About Deterrence

I want to commend this article by Raphael S. Cohen at War on the Rocks to your attention. I found it thought-provoking. Here’s a snippet:

Above all, the Ukraine conflict shows that wars are fundamentally unpredictable. In Ukraine, a war that nearly everyone thought would be over in a matter of days and offer a relatively clean Russian victory has ended up dragging on for well over a year and put the Vladimir Putin regime on increasingly shaky ground. That’s an uncomfortable implication for all leaders thinking about using force in the future — no matter whether they are sitting in Moscow, Beijing, or Washington.

At some level, the critics of U.S. support for Ukraine have a point. Deterrence vis-à vis China is eroding. Unlike the American-Russian military balance, at least some military trends are going in China’s favor. As a result, Chinese leader Xi Jinping, unlike President Vladimir Putin, can afford to be patient. No matter what the United States does in Ukraine, in the long run, China will be more difficult to deter as its power and ambition grow.

As a matter of policy, however, the key question is how the United States will use the tools it has today to maximize its deterrent effects. From an operational perspective, the Ukraine War has not hurt the military balance versus China. In fact, the United States has demonstrated that it can continue to pursue its Indo-Pacific-focused capabilities while still aiding Ukraine. Moreover, the Ukraine War may even help in the long run if it spurs both the United States and its allies to understand that industrial warfare is not just a topic for the history books and to prepare accordingly.

Read the whole thing.

I wish I were as confident about what’s happening in Ukraine (and in Russia, for that matter) as the author seems to be. The only contribution I can make to the discussion is that IMO deterrence is less likely to be effective when you’re talking about a strategic opponent’s core interests and, like it or not, we can’t dictate to them what those core interests are.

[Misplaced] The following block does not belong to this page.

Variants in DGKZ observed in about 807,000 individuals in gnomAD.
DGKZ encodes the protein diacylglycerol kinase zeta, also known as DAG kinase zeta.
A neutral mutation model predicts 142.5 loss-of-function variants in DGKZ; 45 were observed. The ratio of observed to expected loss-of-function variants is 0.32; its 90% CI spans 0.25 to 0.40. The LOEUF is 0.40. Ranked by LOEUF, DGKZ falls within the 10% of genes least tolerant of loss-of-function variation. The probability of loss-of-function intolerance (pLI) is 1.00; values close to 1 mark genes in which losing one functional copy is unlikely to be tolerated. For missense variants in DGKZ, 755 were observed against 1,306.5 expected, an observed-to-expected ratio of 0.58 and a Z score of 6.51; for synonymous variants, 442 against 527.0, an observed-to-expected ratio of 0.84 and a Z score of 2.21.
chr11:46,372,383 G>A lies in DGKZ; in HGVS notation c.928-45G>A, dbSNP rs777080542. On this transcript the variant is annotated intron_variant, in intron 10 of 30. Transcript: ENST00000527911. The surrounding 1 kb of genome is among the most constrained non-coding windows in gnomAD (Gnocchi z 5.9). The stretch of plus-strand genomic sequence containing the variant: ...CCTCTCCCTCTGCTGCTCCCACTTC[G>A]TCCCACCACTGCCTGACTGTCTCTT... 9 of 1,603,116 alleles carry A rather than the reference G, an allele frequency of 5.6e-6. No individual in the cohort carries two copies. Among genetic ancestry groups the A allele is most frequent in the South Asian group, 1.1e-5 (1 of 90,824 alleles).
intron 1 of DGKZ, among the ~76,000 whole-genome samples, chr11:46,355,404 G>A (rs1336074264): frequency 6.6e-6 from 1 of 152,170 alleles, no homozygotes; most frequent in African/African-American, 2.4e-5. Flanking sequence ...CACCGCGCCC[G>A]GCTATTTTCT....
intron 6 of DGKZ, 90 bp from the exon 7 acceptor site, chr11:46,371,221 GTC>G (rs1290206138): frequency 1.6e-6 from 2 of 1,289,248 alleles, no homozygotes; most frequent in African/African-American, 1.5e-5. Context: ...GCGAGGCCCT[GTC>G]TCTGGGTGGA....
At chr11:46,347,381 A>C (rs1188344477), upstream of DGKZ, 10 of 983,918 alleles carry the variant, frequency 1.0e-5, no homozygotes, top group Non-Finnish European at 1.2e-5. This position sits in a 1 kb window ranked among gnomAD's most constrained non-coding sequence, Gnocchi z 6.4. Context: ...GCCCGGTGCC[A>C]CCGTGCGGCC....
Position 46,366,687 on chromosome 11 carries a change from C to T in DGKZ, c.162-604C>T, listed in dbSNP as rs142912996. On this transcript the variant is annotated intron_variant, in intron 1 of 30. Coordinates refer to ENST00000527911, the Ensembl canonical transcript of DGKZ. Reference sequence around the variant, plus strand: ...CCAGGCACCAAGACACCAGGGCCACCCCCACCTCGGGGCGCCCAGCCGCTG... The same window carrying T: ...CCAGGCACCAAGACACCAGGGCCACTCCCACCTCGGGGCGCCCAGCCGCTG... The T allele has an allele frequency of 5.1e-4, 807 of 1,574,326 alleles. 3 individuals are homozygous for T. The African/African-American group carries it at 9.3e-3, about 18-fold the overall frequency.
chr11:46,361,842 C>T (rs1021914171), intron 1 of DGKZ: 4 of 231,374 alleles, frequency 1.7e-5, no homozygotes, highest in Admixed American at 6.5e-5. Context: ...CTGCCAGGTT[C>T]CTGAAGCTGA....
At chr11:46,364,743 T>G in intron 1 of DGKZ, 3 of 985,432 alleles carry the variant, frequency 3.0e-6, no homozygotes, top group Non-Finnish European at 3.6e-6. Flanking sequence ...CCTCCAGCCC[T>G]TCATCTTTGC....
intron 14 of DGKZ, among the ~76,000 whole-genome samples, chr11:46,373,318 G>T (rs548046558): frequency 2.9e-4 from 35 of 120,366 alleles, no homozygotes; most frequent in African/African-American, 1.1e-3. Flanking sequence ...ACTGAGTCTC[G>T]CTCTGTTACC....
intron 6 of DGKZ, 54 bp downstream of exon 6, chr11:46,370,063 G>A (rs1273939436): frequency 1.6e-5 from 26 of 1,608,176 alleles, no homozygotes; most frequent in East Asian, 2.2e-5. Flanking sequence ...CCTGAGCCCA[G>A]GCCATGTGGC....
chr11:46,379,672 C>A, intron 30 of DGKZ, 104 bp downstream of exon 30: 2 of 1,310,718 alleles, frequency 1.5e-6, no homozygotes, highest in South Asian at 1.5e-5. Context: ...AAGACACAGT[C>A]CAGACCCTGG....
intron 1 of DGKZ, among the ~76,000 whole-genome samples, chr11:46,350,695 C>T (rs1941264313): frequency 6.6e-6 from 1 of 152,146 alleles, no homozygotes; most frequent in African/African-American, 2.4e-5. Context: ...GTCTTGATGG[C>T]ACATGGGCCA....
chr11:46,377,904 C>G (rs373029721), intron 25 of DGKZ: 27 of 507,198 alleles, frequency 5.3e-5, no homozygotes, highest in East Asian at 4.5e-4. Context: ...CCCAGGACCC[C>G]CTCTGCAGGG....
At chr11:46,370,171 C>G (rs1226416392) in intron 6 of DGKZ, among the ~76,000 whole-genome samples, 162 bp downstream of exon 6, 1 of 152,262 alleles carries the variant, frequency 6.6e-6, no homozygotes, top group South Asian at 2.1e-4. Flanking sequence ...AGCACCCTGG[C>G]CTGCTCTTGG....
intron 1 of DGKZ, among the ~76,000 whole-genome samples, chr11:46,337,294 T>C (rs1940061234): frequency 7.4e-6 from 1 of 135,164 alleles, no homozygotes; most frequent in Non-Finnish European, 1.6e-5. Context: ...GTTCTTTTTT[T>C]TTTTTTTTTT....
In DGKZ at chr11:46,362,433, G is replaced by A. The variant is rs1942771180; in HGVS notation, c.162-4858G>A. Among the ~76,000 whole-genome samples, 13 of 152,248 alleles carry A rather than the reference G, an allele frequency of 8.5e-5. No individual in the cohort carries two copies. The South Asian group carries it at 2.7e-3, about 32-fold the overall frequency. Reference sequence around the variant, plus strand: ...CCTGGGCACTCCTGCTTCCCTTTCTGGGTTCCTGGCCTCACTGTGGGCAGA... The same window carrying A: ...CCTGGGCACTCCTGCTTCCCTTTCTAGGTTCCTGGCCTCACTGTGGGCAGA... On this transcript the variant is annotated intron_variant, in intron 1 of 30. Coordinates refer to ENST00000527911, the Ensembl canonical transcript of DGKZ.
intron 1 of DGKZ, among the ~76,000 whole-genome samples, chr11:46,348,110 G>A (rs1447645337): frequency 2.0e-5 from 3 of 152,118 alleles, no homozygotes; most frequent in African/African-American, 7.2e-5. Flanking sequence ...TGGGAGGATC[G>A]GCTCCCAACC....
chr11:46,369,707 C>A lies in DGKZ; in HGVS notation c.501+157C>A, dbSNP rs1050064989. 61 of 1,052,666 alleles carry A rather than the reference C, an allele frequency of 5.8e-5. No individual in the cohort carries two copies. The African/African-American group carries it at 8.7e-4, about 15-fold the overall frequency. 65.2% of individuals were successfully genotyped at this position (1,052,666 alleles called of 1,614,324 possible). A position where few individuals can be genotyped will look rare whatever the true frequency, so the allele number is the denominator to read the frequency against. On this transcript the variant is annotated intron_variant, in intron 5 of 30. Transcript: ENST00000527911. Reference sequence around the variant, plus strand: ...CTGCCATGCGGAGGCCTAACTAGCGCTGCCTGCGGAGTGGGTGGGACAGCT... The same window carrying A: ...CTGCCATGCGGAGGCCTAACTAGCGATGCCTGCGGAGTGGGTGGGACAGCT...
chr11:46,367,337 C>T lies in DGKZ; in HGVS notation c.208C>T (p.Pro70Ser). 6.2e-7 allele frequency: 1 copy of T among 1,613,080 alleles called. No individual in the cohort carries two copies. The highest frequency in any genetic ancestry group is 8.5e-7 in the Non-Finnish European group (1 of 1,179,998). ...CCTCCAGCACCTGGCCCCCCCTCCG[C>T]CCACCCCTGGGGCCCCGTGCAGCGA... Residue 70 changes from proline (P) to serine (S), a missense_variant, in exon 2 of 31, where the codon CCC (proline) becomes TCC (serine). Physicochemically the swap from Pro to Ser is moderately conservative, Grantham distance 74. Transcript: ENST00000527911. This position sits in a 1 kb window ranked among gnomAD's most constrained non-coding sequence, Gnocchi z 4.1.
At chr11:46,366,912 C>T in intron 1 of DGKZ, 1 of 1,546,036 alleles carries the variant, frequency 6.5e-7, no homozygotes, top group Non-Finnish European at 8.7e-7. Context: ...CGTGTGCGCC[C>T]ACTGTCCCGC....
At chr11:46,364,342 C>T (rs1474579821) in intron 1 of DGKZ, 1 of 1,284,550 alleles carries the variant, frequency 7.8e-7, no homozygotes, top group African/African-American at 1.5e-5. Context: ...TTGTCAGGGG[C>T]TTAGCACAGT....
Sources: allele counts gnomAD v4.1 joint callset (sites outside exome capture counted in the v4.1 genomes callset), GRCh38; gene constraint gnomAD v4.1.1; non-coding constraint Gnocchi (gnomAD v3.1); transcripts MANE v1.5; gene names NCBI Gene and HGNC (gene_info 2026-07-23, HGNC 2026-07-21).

1 comment… add one
  • TastyBits Link

    I assumed that this site was serious, but apparently not.

    From the article:

    More importantly, if indeed deterrence is primarily a psychological effect, then another key question is, what packs more of a punch: a few extra Javelins and HIMARs sitting in Taiwan, or seeing a fellow authoritarian regime with whom you have a friendship that knows “no limits” impale itself invading a smaller, weaker neighbor?

    That is not how strong humans think, especially authoritarians. Most animals that are strong or think they are strong assume they will win any engagement they start.

    … True, the United States has already obligated over $100 billion in aid to Ukraine. But as high as that number sounds, it is about one-eighth of the Pentagon’s total defense budget, and less than half of the $100 billion comes from military assistance; the rest is humanitarian. …

    Dollars buy munitions and equipment, but you cannot shoot dollar bills or coins at the enemy. Well, I guess you could, but it would be stupid.

    … Columbia-class ballistic missile submarines, Virginia-class attack submarines …

    Nuclear subs are useless in shallow waters. They are too noisy, and it is likely that the Chinese have seeded the seabed with listening devices. An aircraft carrier battle group may be able to operate on the far side of the island, but there is still a resupply issue.

    The link to the article about Putin’s imminent demise is paywalled, but it was from February (2023). I suspect it was written by somebody with little knowledge of Russian history.

    In my opinion, the US politicians stating that they will defend Taiwan at all costs is the most likely reason for China to invade. The Chinese are worthless militarily, but a D-Day type operation could be done. With a beachhead established, resupply would be mostly unopposed, and follow-on troops could take the island piece-by-piece.

    Militarily, the Russians are slightly less worthless than the Chinese, but Ukraine is not an island. Additionally, China has a long coast.

    This article is an accountant’s assessment. The world does not work like that. Here is a bit of advice: don’t stare at somebody too long.

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